Only need to inject capital equivalent to its own notional Solvency Capital Requirement (nSCR), which with small undertakings often falls far below the typical minimum for standalone insurers of €3,700,000
Possibility to rent core surplus funds
PCC core may, subject to its risk appetite, also lend its unrestricted surplus funds to cells to meet their nSCR where in deficit
Same applies to Pillar III’s Reporting and Disclosure requirements, where all procedures and resources are in place to meet the quarterly and annual reporting requirements
As an EU member state and EIOPA member, Malta is continuously contributing to the development of Solvency II. EIOPA, in its Solvency II technical specifications, prescribes that cells in PCCs should be considered and treated as ring-fenced funds.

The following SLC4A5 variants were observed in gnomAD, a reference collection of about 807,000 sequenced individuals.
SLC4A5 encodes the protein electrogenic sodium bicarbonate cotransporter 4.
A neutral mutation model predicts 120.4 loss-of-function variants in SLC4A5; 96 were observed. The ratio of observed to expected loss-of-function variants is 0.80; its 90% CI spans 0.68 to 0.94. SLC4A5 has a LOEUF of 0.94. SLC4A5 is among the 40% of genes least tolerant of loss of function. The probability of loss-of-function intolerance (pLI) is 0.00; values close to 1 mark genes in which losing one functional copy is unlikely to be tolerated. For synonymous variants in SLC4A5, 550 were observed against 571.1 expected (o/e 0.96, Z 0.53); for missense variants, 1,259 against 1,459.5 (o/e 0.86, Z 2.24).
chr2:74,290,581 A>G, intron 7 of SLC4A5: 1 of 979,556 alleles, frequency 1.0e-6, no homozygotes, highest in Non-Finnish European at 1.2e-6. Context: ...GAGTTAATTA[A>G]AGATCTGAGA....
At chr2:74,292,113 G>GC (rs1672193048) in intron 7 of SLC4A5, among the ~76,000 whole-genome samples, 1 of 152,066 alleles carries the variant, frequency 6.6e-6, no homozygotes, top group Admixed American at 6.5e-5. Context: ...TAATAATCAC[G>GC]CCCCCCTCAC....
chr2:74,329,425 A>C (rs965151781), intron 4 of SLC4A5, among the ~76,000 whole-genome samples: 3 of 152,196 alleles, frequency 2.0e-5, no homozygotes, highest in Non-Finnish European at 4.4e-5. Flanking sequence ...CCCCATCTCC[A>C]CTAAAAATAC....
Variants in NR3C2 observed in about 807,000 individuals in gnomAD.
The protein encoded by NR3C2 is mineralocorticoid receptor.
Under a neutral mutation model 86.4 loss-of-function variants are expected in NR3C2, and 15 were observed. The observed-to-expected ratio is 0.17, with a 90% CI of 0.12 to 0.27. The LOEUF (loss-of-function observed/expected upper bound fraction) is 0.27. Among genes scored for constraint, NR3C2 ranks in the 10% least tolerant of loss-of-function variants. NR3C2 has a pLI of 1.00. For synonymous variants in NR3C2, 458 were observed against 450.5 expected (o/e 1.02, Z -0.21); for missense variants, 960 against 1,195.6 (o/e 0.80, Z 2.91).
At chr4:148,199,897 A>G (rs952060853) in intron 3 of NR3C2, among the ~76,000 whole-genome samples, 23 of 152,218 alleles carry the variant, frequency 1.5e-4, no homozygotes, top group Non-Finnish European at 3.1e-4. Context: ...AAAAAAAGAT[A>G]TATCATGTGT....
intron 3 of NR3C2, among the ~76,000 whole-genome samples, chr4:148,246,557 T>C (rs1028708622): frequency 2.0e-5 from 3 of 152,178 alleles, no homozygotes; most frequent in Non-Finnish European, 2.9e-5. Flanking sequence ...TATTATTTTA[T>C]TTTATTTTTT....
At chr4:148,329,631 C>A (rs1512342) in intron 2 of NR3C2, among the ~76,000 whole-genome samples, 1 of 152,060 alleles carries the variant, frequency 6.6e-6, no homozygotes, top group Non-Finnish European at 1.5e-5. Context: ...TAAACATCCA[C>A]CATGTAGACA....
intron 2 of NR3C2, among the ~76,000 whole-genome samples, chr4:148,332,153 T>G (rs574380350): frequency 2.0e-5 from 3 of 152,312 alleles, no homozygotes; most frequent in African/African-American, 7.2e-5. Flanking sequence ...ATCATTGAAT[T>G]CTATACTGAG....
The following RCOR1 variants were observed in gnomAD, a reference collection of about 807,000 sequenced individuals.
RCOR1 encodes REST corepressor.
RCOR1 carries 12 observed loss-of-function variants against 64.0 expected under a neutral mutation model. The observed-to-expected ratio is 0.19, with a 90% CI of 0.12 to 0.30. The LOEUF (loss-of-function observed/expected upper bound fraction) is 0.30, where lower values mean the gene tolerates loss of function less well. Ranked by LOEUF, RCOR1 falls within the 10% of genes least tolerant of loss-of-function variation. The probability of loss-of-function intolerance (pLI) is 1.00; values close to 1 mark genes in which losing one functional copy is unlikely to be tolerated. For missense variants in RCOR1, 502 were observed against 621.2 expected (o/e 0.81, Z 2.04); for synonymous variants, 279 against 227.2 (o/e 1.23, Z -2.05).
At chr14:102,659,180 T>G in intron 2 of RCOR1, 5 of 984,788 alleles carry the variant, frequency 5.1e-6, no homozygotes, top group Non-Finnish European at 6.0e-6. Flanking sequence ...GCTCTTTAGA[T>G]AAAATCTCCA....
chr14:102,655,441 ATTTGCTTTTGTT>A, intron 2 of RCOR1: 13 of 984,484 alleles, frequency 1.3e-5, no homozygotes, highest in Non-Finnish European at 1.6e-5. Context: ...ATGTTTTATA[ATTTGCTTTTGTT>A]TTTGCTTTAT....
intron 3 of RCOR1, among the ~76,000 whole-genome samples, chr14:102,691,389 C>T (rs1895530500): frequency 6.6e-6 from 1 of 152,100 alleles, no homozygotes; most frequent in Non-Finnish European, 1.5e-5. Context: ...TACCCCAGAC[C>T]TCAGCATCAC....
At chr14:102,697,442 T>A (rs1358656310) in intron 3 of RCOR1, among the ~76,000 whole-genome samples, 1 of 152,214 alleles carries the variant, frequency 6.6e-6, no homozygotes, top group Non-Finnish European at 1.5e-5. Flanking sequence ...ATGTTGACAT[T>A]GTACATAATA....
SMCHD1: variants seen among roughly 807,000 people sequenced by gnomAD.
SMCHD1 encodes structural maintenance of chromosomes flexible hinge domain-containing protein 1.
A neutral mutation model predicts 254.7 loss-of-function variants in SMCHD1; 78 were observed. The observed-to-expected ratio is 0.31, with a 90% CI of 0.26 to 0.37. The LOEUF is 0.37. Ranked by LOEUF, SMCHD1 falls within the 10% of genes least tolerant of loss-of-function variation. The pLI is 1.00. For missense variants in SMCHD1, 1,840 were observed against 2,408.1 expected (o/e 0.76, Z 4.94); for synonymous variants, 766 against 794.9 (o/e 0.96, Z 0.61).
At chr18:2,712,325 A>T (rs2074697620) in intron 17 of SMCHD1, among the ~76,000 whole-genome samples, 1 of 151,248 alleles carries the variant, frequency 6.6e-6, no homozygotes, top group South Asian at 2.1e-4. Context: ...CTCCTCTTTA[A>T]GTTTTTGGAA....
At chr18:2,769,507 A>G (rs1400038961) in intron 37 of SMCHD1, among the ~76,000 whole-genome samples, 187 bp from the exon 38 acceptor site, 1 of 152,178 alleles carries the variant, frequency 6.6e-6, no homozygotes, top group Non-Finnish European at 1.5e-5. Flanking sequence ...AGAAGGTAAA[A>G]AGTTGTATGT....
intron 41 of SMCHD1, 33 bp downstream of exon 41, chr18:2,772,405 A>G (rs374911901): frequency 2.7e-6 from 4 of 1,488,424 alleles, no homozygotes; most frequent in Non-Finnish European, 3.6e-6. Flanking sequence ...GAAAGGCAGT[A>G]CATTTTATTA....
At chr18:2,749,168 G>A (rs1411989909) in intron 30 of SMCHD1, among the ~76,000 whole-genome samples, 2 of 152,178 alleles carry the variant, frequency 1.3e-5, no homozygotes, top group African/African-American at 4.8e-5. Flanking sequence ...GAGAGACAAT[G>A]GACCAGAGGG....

Atlas was the first EU insurer to convert to a PCC back in 2006. As one of the leading insurers in the Maltese local market, it is not averse to taking insurance risks on its core.It maintains substantial surplus funds over regulatory requirements. Subject to its own risk appetite, the core therefore has the capacity to use its surplus funds to host and support cells that do not fully meet Solvency II requirements from their own capital while, per legislation, the cells retain full protection of their assets from liabilities of the core or other cells.
Protected cells are therefore a cost-effective, flexible and secure alternative to owning a standalone insurer, reinsurer or captive. Such structures can result in significant cost and capital savings for cell owners, even more so in the EU once Solvency II is implemented.
Small mono line insurers and captives struggling with Solvency II requirements could very well consider converting to cells as an alternative to consolidation or closure.